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Alumni from nine leading public schools are 94 times more likely to reach the elite than those who attended other schools.

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Alumni from nine leading public schools are 94 times more likely to reach the elite than those who attended other schools.

Analysis of 120 years of biographical data in Who’s Who shows those who went to a top public school are now 94 times more likely to be included in the UK’s ‘elite’

Granted unprecedented access to all 120 years of biographical data in Who’s Who, researchers from the London School of Economics calculated that the so-called Clarendon schools, which include Eton, Harrow, Rugby and Westminster, continue to produce nearly 10% of entrants. This is despite those schools having traditionally educated fewer than one in 500 (0.15%) of pupils aged between 13 and 18.

While their power was found to have diminished since the country’s establishment guide first published biographical data in 1897, they still hold “extraordinary power”, according to the study.

Nevertheless, the proportion of new entrants in Who’s Who from Clarendon schools and the 209 independent schools in the elite Headmasters’ and Headmistresses’ Conference (HMC) has remained relatively constant over the past 16 years at 8% and 30% respectively, the study found. Alumni of “other” HMC schools are 35 times more likely to be a member of Who’s Who than those who went to non-HMC state and private schools.


The International Baccalaureate and Tes partner in new global resource-sharing hub for educators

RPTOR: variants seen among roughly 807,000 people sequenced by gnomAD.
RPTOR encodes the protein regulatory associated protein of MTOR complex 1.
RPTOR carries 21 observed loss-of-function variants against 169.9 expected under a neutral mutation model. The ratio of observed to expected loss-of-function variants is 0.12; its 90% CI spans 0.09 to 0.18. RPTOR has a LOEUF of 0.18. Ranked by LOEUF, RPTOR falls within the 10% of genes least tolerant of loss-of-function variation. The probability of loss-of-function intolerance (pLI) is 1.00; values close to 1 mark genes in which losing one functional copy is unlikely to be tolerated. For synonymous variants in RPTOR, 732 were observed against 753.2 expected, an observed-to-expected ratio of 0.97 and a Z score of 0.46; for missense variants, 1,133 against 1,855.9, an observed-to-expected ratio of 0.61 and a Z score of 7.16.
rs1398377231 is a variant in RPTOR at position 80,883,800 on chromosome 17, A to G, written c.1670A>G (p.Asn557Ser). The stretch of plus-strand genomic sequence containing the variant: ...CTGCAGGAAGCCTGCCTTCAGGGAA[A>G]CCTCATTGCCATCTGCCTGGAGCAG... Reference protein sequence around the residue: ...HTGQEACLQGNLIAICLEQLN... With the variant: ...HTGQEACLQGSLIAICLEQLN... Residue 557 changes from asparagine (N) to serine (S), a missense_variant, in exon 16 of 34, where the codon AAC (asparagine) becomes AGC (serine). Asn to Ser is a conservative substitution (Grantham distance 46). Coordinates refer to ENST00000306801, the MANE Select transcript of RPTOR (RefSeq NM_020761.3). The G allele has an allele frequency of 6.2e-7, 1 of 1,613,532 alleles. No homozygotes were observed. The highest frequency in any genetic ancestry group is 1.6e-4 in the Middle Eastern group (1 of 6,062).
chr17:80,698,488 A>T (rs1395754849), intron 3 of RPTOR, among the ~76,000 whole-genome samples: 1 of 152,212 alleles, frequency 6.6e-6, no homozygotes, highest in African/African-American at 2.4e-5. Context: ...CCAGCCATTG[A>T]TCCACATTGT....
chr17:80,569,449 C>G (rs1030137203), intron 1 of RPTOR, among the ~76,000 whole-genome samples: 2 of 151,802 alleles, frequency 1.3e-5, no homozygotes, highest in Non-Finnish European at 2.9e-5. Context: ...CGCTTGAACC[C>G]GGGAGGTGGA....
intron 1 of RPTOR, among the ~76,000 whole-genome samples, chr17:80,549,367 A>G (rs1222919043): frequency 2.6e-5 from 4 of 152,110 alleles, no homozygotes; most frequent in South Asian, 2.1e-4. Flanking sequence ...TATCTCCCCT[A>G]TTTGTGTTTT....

Two of the world’s leading authorities in education, the International Baccalaureate (IB) and Tes, the world’s largest community of education professionals with over 8 million registered users – including 100,000 IB educators – have announced a major new collaboration, which will see the launch of a resource-sharing service to help improve learning outcomes worldwide. 

The collaboration will combine the size, scale and credibility of the two prestigious organizations to support teachers in curating and sharing teacher-created resources and best practice in IB teaching and learning from across the world, via a dedicated education community hub. 

Dr Siva Kumari, Director General of the IB, commented: “Teachers in the IB community are known for their ethos of sharing best IB teaching practices generated across all age groups, in very diverse schools internationally. This collaboration will allow our already interconnected world to be more international than ever before.”